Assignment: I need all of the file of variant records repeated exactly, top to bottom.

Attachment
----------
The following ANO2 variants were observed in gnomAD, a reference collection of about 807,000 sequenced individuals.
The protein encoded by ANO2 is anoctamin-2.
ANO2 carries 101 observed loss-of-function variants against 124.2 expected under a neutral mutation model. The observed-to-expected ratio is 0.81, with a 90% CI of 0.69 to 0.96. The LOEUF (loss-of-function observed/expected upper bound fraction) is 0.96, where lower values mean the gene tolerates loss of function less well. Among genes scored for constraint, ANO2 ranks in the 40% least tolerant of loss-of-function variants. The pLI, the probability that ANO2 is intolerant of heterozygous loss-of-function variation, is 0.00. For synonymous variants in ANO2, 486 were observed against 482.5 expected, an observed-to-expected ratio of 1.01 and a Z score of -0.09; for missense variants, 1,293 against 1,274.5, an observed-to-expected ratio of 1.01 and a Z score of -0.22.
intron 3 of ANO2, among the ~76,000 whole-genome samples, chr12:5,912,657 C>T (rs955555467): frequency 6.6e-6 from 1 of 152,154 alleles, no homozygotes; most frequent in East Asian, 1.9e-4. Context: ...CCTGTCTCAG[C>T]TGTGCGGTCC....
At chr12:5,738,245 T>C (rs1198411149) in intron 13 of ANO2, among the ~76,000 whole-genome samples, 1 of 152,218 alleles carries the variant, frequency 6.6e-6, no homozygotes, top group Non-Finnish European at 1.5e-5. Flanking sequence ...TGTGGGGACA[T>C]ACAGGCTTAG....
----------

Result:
The following ANO2 variants were observed in gnomAD, a reference collection of about 807,000 sequenced individuals.
The protein encoded by ANO2 is anoctamin-2.
ANO2 carries 101 observed loss-of-function variants against 124.2 expected under a neutral mutation model. The observed-to-expected ratio is 0.81, with a 90% CI of 0.69 to 0.96. The LOEUF (loss-of-function observed/expected upper bound fraction) is 0.96, where lower values mean the gene tolerates loss of function less well. Among genes scored for constraint, ANO2 ranks in the 40% least tolerant of loss-of-function variants. The pLI, the probability that ANO2 is intolerant of heterozygous loss-of-function variation, is 0.00. For synonymous variants in ANO2, 486 were observed against 482.5 expected, an observed-to-expected ratio of 1.01 and a Z score of -0.09; for missense variants, 1,293 against 1,274.5, an observed-to-expected ratio of 1.01 and a Z score of -0.22.
intron 3 of ANO2, among the ~76,000 whole-genome samples, chr12:5,912,657 C>T (rs955555467): frequency 6.6e-6 from 1 of 152,154 alleles, no homozygotes; most frequent in East Asian, 1.9e-4. Context: ...CCTGTCTCAG[C>T]TGTGCGGTCC....
At chr12:5,738,245 T>C (rs1198411149) in intron 13 of ANO2, among the ~76,000 whole-genome samples, 1 of 152,218 alleles carries the variant, frequency 6.6e-6, no homozygotes, top group Non-Finnish European at 1.5e-5. Flanking sequence ...TGTGGGGACA[T>C]ACAGGCTTAG....